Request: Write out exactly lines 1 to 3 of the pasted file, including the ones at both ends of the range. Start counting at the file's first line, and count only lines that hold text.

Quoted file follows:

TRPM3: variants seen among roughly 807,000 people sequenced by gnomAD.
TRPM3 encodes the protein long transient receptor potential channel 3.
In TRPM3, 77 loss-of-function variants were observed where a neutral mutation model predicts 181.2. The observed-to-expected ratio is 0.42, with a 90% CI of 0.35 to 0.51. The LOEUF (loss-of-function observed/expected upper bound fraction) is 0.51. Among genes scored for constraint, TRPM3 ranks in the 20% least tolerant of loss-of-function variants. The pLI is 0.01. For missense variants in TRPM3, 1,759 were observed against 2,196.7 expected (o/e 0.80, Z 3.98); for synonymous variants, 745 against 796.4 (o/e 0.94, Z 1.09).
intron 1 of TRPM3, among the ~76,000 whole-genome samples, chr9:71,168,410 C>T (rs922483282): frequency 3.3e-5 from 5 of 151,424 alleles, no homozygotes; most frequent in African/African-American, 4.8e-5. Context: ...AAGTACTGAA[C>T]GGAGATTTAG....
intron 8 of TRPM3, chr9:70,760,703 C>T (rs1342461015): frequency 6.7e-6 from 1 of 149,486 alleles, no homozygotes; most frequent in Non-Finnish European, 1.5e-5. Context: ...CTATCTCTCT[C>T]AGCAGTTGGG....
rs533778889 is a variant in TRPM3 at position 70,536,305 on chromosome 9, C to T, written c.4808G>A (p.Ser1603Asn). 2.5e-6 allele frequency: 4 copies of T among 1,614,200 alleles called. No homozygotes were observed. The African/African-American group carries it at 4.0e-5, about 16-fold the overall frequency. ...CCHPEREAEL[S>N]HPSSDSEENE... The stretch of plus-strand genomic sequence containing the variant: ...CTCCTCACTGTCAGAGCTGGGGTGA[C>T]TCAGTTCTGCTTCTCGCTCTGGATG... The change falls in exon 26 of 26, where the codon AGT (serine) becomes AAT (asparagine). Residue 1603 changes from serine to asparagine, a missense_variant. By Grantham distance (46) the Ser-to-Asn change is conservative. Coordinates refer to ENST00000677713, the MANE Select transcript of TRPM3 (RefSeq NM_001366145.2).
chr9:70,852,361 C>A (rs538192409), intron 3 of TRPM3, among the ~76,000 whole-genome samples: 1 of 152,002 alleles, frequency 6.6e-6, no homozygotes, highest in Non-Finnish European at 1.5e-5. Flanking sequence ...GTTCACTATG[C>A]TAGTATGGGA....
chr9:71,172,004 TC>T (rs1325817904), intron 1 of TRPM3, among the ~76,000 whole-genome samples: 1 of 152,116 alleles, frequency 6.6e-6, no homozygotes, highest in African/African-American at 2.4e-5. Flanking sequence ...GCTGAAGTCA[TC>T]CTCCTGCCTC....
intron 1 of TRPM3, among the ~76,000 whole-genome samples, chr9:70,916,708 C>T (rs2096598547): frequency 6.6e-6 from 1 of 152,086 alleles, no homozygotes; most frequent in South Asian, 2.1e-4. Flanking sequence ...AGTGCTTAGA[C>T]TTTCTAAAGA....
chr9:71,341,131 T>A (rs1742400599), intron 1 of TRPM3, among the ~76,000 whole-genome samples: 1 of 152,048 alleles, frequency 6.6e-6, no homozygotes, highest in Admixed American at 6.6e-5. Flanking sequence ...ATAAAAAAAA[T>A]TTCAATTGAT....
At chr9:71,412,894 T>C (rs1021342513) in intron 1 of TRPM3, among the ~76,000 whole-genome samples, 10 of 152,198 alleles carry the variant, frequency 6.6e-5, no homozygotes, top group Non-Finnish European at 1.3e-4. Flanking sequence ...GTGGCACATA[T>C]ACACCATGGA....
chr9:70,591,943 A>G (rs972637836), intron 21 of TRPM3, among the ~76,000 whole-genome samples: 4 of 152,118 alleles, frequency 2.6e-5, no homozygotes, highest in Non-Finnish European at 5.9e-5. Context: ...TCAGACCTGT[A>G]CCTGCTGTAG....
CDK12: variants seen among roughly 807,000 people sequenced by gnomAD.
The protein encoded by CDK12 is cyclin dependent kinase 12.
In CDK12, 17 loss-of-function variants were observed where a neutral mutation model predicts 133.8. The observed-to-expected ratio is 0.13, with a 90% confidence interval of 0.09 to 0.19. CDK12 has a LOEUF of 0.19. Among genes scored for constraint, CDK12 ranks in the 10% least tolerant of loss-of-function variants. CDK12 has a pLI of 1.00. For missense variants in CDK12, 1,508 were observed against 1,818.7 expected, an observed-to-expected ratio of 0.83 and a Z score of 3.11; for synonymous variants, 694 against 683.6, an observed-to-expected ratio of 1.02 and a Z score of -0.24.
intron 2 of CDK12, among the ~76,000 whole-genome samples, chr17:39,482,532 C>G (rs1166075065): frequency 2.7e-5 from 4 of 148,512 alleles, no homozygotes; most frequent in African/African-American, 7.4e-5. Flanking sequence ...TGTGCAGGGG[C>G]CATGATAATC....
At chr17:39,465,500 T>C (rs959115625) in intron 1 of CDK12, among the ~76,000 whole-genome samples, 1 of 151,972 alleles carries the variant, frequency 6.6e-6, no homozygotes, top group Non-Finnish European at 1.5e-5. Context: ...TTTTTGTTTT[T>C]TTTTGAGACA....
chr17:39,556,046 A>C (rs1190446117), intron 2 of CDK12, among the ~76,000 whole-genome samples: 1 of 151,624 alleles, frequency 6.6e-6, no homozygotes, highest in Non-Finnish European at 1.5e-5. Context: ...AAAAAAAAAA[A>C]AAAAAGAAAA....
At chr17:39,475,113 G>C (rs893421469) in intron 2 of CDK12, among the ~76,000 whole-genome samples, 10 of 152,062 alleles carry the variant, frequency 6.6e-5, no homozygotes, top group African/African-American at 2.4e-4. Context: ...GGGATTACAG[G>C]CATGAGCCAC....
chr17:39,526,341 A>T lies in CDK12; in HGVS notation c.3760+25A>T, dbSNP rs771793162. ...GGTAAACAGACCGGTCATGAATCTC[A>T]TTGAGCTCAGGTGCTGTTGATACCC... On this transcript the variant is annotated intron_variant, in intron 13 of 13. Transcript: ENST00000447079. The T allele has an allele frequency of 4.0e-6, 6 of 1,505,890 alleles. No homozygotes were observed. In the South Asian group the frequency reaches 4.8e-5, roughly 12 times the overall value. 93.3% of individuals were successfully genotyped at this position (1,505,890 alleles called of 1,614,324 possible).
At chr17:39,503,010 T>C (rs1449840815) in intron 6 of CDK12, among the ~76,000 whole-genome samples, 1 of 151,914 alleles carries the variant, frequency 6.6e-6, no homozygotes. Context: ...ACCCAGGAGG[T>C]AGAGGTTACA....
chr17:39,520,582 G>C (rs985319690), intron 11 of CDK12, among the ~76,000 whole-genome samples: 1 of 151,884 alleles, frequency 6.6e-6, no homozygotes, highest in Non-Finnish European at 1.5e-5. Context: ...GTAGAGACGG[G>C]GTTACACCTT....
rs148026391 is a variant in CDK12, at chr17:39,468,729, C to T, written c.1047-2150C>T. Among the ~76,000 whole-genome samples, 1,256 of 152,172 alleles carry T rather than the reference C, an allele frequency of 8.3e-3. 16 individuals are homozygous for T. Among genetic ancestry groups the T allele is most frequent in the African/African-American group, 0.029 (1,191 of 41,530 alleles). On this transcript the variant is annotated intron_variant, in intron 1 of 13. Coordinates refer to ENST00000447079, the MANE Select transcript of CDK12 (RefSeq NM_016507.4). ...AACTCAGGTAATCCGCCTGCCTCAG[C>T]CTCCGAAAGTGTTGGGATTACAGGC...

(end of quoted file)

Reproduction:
TRPM3: variants seen among roughly 807,000 people sequenced by gnomAD.
TRPM3 encodes the protein long transient receptor potential channel 3.
In TRPM3, 77 loss-of-function variants were observed where a neutral mutation model predicts 181.2. The observed-to-expected ratio is 0.42, with a 90% CI of 0.35 to 0.51. The LOEUF (loss-of-function observed/expected upper bound fraction) is 0.51. Among genes scored for constraint, TRPM3 ranks in the 20% least tolerant of loss-of-function variants. The pLI is 0.01. For missense variants in TRPM3, 1,759 were observed against 2,196.7 expected (o/e 0.80, Z 3.98); for synonymous variants, 745 against 796.4 (o/e 0.94, Z 1.09).